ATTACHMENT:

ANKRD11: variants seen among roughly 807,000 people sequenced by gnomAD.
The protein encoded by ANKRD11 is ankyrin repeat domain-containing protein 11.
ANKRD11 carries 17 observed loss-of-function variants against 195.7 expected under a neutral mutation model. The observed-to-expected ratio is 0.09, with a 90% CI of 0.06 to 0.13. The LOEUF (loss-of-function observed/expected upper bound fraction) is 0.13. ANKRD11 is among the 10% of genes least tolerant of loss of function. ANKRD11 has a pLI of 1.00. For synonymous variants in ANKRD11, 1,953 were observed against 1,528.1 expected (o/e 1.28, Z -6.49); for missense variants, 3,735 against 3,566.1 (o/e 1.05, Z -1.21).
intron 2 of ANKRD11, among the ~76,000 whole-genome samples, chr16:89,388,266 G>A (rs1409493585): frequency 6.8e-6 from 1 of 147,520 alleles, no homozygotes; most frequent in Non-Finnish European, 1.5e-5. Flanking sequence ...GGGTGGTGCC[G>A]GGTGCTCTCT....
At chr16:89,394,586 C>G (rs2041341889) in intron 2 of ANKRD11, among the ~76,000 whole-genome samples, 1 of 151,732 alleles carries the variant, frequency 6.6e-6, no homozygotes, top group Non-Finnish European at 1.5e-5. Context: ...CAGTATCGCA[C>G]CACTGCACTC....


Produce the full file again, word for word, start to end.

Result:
ANKRD11: variants seen among roughly 807,000 people sequenced by gnomAD.
The protein encoded by ANKRD11 is ankyrin repeat domain-containing protein 11.
ANKRD11 carries 17 observed loss-of-function variants against 195.7 expected under a neutral mutation model. The observed-to-expected ratio is 0.09, with a 90% CI of 0.06 to 0.13. The LOEUF (loss-of-function observed/expected upper bound fraction) is 0.13. ANKRD11 is among the 10% of genes least tolerant of loss of function. ANKRD11 has a pLI of 1.00. For synonymous variants in ANKRD11, 1,953 were observed against 1,528.1 expected (o/e 1.28, Z -6.49); for missense variants, 3,735 against 3,566.1 (o/e 1.05, Z -1.21).
intron 2 of ANKRD11, among the ~76,000 whole-genome samples, chr16:89,388,266 G>A (rs1409493585): frequency 6.8e-6 from 1 of 147,520 alleles, no homozygotes; most frequent in Non-Finnish European, 1.5e-5. Flanking sequence ...GGGTGGTGCC[G>A]GGTGCTCTCT....
At chr16:89,394,586 C>G (rs2041341889) in intron 2 of ANKRD11, among the ~76,000 whole-genome samples, 1 of 151,732 alleles carries the variant, frequency 6.6e-6, no homozygotes, top group Non-Finnish European at 1.5e-5. Context: ...CAGTATCGCA[C>G]CACTGCACTC....